To further define the peptide-coding sequence, we transfected COS-7 cells with plasmids encoding HLA-B*44:02 and a series of truncated MAGE-A1 plasmid constructs. These cells were then tested for recognition by CTL4 (Fig. 1C). A minigene construct encoding a 9-amino acid fragment (EADPTGHSY) located between positions 161 and 169 of the MAGE-A1 protein and preceded by a start-methionine sensitized transfected cells to CTL recognition. Because the peptide binding motif to HLA-B44 is characterized by a glutamic acid in position 2 and an aromatic amino acid in position 9 or 10 [], it was likely that the endogenous peptide recognized by CTL4 contained the lysine residue present at position 160 of the MAGE-A1 protein instead of the start-methionine of the minigene construct (Fig. 1C). To address this possibility, various synthetic peptides overlapping the MAGE-A1160-169 sequence were loaded exogenously on autologous HLA-B*44:02+ target cells (LB1801-EBV) and tested for their ability to activate CTL4 (Fig. 1D). However, surprisingly none of the peptides tested was recognized by CTL4 even when applied at 1 μM (Fig. 1D, left panel). In contrast, HLA-A*01:01+ target cells loaded with the exact same set of peptides were efficiently recognized by CTL MZ2-82/30, which is specific for peptide EADPTGHSY presented by HLA-A*01:01 [] (Fig. 1D, right panel). Peptide candidate KEADPTGHSY was only weakly recognized by CTL4, at doses of 10 μM and higher (Fig. 2A, higher panel). Strikingly, we observed that CTL recognition of peptide KEADPTGHSY was drastically improved when the HLA-B*44:02+ target cells were fixed with paraformaldehyde (PFA) prior to exogenous loading (Fig. 2A). This was the case when using the autologous EBV-B cells LB1810-EBV or the HLA-B*44:02+ 721.220 cells back-transfected with tapasin (so that they express sufficient amounts of surface HLA-B*44:02). Because fixed antigen-presenting cells (APCs) are devoid of any metabolic and processing capability, this suggested that PFA fixation improved exogenous peptide loading, as previously proposed by Rock et al. [], by cross-linking surface HLA heavy chain and β2m in a peptide receptive state, preventing their denaturation after endogenous peptide dissociation.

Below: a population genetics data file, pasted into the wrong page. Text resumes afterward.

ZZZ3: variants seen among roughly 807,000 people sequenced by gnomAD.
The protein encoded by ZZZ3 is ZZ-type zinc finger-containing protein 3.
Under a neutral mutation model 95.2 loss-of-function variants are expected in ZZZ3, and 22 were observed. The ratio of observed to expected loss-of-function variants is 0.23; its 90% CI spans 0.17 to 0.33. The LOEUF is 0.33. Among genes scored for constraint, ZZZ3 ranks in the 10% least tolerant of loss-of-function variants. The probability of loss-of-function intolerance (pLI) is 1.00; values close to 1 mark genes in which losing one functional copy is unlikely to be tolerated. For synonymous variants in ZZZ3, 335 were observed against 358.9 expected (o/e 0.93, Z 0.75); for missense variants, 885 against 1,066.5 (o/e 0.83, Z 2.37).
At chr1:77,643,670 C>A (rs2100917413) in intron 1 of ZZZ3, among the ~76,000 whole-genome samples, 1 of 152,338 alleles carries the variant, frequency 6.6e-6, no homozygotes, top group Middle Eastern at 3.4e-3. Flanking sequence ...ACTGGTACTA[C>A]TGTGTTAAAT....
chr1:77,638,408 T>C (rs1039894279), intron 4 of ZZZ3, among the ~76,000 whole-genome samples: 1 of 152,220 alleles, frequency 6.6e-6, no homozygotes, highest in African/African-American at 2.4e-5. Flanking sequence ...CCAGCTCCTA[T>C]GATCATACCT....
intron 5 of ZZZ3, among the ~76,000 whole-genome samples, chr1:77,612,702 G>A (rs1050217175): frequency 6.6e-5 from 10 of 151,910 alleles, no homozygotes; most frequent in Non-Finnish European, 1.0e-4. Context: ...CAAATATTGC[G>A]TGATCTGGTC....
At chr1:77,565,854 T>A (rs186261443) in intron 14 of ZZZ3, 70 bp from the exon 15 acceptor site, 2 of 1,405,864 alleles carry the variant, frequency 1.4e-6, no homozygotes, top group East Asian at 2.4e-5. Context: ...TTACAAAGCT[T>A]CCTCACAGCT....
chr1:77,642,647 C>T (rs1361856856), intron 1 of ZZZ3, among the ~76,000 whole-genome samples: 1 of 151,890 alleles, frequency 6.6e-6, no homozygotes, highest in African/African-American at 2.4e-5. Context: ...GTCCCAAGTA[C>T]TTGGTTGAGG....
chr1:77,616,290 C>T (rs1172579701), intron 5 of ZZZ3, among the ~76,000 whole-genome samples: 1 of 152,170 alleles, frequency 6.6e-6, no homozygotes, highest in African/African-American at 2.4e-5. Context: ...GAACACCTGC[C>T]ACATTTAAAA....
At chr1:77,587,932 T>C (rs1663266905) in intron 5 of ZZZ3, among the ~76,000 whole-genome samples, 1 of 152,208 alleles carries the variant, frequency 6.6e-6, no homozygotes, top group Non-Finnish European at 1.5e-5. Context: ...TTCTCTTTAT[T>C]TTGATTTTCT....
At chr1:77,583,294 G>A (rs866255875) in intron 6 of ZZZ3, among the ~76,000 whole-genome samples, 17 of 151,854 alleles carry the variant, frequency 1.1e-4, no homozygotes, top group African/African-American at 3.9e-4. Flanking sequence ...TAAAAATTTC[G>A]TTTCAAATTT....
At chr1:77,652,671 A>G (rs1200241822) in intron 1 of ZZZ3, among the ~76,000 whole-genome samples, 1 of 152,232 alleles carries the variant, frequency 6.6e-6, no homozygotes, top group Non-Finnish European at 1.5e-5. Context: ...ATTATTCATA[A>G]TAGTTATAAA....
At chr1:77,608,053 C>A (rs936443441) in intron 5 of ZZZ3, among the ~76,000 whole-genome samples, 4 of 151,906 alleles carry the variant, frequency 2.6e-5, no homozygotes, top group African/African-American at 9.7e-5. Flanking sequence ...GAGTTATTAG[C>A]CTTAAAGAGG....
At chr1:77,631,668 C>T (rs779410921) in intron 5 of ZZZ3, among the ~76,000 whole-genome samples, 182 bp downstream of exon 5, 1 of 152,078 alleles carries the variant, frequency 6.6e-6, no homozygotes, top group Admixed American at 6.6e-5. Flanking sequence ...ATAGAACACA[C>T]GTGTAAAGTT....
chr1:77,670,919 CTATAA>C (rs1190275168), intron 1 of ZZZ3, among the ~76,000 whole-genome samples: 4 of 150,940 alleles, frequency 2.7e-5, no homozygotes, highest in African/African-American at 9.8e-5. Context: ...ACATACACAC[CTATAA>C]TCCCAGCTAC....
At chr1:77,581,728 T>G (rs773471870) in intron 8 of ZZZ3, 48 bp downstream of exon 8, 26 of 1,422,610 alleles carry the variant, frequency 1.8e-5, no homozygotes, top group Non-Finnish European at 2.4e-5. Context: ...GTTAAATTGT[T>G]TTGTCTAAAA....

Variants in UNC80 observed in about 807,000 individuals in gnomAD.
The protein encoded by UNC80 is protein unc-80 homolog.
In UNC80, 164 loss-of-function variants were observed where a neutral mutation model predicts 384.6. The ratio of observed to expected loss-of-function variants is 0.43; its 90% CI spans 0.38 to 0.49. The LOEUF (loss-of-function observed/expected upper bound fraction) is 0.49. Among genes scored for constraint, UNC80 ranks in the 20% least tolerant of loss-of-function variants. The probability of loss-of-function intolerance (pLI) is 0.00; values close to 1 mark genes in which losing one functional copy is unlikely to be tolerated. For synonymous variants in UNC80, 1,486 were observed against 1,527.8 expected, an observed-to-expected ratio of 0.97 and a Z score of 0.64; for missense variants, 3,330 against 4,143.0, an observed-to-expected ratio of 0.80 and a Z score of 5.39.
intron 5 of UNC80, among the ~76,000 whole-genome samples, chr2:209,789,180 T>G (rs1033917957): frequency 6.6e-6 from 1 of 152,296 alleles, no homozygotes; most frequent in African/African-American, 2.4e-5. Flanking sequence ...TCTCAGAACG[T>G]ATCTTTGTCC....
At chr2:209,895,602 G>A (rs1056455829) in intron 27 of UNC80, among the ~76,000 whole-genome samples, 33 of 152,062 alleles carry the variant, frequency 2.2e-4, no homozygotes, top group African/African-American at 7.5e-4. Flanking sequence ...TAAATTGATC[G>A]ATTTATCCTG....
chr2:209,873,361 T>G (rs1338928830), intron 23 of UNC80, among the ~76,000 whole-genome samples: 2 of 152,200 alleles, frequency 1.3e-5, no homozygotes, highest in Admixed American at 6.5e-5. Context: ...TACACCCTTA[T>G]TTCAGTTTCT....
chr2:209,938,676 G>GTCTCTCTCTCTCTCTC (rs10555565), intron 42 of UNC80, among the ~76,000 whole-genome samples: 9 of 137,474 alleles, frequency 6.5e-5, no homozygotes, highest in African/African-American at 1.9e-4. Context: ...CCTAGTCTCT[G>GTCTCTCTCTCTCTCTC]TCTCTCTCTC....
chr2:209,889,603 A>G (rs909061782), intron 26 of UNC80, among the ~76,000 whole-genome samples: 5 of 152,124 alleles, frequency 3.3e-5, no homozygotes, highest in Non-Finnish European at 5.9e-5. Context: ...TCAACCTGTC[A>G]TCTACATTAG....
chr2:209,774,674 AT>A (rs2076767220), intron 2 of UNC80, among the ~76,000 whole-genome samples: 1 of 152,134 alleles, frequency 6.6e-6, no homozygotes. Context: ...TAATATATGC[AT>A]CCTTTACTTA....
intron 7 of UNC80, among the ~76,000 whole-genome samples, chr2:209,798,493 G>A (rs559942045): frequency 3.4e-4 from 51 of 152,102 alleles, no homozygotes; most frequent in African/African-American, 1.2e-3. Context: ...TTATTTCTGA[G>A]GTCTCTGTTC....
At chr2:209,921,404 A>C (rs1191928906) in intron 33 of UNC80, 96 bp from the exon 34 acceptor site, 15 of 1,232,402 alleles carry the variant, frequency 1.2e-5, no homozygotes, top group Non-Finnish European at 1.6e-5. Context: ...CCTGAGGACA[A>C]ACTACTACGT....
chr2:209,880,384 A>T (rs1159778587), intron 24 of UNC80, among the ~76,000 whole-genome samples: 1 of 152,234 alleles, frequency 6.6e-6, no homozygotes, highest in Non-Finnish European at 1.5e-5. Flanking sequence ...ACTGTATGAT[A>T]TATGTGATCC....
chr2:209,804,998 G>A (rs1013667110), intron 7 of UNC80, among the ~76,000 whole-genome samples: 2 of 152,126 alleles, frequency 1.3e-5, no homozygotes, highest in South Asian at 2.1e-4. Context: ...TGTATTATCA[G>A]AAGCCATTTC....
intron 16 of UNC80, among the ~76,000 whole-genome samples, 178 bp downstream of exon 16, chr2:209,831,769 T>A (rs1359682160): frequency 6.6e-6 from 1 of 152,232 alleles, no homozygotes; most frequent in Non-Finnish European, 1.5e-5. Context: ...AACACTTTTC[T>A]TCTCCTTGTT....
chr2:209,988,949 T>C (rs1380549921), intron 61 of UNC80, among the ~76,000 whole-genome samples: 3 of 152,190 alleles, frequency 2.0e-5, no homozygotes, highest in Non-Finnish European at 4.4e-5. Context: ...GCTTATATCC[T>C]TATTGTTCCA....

To confirm that peptide KEADPTGHSY was presented at the surface of cells expressing MAGE-A1, we eluted the peptides from HLA-B*44:02+ 721.220 cells back-transfected with tapasin and transduced with a retroviral vector encoding the MAGE-A1 protein. Because these cells do not express any endogenous HLA-A or -B alleles, this limited the possibility that the MAGE-A1 peptide KEADPTGHSY could bind to other HLA alleles than HLA-B*44:02. Peptide eluates were separated by high-performance liquid chromatography (HPLC), and the fractions obtained were loaded on PFA-treated cells (Fig. 2B). The fractions able to stimulate CTL4 corresponded to those obtained when synthetic peptide KEADPTGHSY was run under the same HPLC conditions. This indicates that peptide KEADPTGHSY is presented by HLA-B*44:02 on the surface of cells expressing MAGE-A1 and rules out the possibility that the peptide recognized by CTL4 contains a post-translational modification.